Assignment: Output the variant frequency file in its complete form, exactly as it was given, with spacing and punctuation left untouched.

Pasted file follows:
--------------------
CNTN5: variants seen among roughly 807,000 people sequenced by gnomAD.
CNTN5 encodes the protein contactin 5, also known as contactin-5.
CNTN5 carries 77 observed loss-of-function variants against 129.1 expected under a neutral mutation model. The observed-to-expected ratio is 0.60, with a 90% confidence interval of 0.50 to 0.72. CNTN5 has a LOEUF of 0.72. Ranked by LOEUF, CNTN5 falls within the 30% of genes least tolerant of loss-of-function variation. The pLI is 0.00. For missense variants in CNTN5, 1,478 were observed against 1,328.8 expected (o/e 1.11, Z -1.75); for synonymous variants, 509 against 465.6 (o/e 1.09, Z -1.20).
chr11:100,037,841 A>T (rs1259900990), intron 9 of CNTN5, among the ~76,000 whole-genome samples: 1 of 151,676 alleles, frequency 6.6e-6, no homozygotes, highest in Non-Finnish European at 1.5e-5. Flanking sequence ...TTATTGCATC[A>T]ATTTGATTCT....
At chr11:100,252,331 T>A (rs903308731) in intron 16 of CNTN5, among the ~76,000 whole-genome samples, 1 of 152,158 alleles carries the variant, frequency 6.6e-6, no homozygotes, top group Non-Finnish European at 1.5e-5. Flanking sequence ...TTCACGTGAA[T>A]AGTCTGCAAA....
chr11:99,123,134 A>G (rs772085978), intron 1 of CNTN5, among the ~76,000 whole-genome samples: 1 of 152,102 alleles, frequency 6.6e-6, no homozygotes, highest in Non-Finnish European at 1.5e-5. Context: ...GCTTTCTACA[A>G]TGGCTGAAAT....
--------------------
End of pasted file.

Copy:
CNTN5: variants seen among roughly 807,000 people sequenced by gnomAD.
CNTN5 encodes the protein contactin 5, also known as contactin-5.
CNTN5 carries 77 observed loss-of-function variants against 129.1 expected under a neutral mutation model. The observed-to-expected ratio is 0.60, with a 90% confidence interval of 0.50 to 0.72. CNTN5 has a LOEUF of 0.72. Ranked by LOEUF, CNTN5 falls within the 30% of genes least tolerant of loss-of-function variation. The pLI is 0.00. For missense variants in CNTN5, 1,478 were observed against 1,328.8 expected (o/e 1.11, Z -1.75); for synonymous variants, 509 against 465.6 (o/e 1.09, Z -1.20).
chr11:100,037,841 A>T (rs1259900990), intron 9 of CNTN5, among the ~76,000 whole-genome samples: 1 of 151,676 alleles, frequency 6.6e-6, no homozygotes, highest in Non-Finnish European at 1.5e-5. Flanking sequence ...TTATTGCATC[A>T]ATTTGATTCT....
At chr11:100,252,331 T>A (rs903308731) in intron 16 of CNTN5, among the ~76,000 whole-genome samples, 1 of 152,158 alleles carries the variant, frequency 6.6e-6, no homozygotes, top group Non-Finnish European at 1.5e-5. Flanking sequence ...TTCACGTGAA[T>A]AGTCTGCAAA....
chr11:99,123,134 A>G (rs772085978), intron 1 of CNTN5, among the ~76,000 whole-genome samples: 1 of 152,102 alleles, frequency 6.6e-6, no homozygotes, highest in Non-Finnish European at 1.5e-5. Context: ...GCTTTCTACA[A>G]TGGCTGAAAT....